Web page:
The Referee's a Winner: Why Barcelona-Chelsea Was No Place for Theatrics

Ed PearceCorrespondent IApril 28, 2009

BARCELONA, SPAIN - APRIL 28: Referee Wolfgang Stark gives a decision as Daniel Alves of Barcelona and Frank Lampard of Chelsea look on during the UEFA Champions League Semi Final First Leg match between Barcelona and Chelsea at the Nou Camp Stadium on April 28, 2009 in Barcelona, Spain.  (Photo by Alex Livesey/Getty Images)

Too often the big European nights are blighted by the fans' pet hate—fussy officials apparently more intent on the pertness of their posture than the good of the game.  

Admittedly, as an Englishman, an acolyte of the Premier League, and a scything centre-half himself, this writer's viewpoint may be steadfastly Anglo-Saxon. Yet, I was highly impressed by the referee's no-nonsense approach at Camp Nou this evening.

Wolfgang Stark was in no mood for play-acting on a night when tensions ran high and Chelsea's discipline and desire in sometimes desperate defence turned the tie into a test of character for both sides.

The dazzling attacking brio of Barcelona's rampaging right-back Dani Alves had been touted before the game as likely to stretch out-of-position Jose Bosingwa to the limit, and so it proved. But the Brazilian spent as much time on the deck as on the overlap.  

Eat your heart out, Emmanuel Eboue.

However, Stark was having none of it, repeatedly allowing play to continue while Alves and Didier Drogba—thankfully well-beaten in the dying swan stakes this time around— writhed on the ground like extras in a Quentin Tarantino film.

It was noticeable that both players were usually quick to regain their footing when their own side regained possession, adding credence to the suspicion that their antics owed more to thwarted ambition than real pain.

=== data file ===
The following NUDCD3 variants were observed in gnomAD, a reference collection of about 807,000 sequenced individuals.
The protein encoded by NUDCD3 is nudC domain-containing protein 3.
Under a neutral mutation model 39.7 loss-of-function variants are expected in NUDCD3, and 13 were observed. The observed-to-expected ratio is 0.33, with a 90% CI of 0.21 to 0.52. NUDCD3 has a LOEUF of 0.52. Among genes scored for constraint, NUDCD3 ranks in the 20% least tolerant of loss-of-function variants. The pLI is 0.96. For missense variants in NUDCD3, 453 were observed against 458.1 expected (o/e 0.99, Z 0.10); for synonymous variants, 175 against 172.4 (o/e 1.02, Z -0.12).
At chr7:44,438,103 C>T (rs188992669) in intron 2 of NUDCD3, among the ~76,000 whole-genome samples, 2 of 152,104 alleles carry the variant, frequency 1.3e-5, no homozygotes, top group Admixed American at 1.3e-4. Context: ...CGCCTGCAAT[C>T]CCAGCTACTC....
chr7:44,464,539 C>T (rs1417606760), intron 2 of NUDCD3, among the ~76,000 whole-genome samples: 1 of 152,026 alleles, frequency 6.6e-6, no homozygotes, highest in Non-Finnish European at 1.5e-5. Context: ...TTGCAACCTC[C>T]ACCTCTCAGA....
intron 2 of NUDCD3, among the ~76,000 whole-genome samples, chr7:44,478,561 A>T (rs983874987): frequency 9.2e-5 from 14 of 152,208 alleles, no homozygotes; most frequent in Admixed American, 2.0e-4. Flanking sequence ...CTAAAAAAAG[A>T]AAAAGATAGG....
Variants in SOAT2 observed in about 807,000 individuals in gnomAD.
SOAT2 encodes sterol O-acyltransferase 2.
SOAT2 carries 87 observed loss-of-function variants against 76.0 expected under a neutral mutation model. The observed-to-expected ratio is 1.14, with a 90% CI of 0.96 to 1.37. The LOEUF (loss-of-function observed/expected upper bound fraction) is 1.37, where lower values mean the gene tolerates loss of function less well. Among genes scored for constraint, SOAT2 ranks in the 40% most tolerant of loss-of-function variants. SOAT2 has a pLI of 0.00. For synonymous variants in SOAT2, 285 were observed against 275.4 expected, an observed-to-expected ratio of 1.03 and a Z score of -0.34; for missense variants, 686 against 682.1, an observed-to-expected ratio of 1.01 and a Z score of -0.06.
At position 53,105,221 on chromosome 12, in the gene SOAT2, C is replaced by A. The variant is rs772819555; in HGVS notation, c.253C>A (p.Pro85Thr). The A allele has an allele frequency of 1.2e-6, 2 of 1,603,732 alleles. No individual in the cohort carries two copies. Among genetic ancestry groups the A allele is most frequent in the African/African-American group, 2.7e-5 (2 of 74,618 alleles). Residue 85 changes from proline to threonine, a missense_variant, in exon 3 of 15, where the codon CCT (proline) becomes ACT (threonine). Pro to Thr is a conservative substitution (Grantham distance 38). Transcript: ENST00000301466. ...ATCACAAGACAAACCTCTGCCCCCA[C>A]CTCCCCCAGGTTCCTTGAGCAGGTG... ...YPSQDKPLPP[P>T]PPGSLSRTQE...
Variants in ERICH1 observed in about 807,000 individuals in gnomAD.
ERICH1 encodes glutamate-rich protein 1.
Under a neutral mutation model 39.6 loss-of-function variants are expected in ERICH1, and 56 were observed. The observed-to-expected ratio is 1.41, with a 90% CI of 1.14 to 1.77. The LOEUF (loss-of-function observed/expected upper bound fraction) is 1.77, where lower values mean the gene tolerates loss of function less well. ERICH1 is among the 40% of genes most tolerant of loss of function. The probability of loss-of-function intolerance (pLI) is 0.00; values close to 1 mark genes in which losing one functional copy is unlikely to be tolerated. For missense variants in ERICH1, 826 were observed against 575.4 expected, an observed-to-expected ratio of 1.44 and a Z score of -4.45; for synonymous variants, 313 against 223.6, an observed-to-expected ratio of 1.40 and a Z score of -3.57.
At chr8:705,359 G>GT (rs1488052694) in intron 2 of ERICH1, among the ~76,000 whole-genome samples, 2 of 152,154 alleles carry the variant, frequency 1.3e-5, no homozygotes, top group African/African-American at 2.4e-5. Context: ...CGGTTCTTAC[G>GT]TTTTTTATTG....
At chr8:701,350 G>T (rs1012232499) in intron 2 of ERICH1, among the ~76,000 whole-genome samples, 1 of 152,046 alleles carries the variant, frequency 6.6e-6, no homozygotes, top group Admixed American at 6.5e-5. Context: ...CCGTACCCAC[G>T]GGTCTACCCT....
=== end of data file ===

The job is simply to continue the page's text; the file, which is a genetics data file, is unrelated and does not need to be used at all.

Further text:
The contrast between tough Barcelona defender Marquez, who even with what looked like serious ligament damage hopped doggedly after the ball to put it out of play, and his compatriot Alves, twitching and grimacing like a pantomime villain, was telling, and the referee seemed confident in his ability to distinguish between the two.  

The image of the German with hands outstretched towards the ball, signalling to the two sets of players to play on, became a recurring theme in an absorbing contest.

By and large he was spot on.  

Play was immediately halted when Thierry Henry was taken out by a robust challenge from Alex—out cold briefly, judging by television pictures—and again when Marquez staggered and collapsed in agony.  

Drogba's recumbent interpretive dance was largely ignored, although he should have been given the benefit of the doubt when he went down clutching his head in his own penalty area as the Catalan side continued to manoeuvre the ball around his prone form.

Head injuries, feigned or real, should always be attended to immediately according to the laws of the game, and rightly so.

However, Stark was certainly not afraid to penalise genuine offences, giving Bosingwa a stern talking-to and brandishing yellow cards after rash or cynical lunges from Chelsea's Alex and Michael Ballack early on.  

Yaya Toure also chose the wrong man to mess with when he overzealously demanded a booking only to receive one himself for unsporting behaviour.  If only all wielders of the whistle would do likewise the scourge of the imaginary card could quickly be eradicated.

Such was the official's authority that even his only glaring mistake, adjudging Henry to have fallen of his own accord as Bosingwa tugged his shoulder on the turn near the penalty spot, prompted little of the mass protests that have resisted even the recent "Respect" campaign.

Amid the partisan cacophony of whistles from over 92,000 frustrated Catalan supporters, it took a strong man to hold his own alone in the middle, but Stark showed an icy streak to ensure that football more than held its own.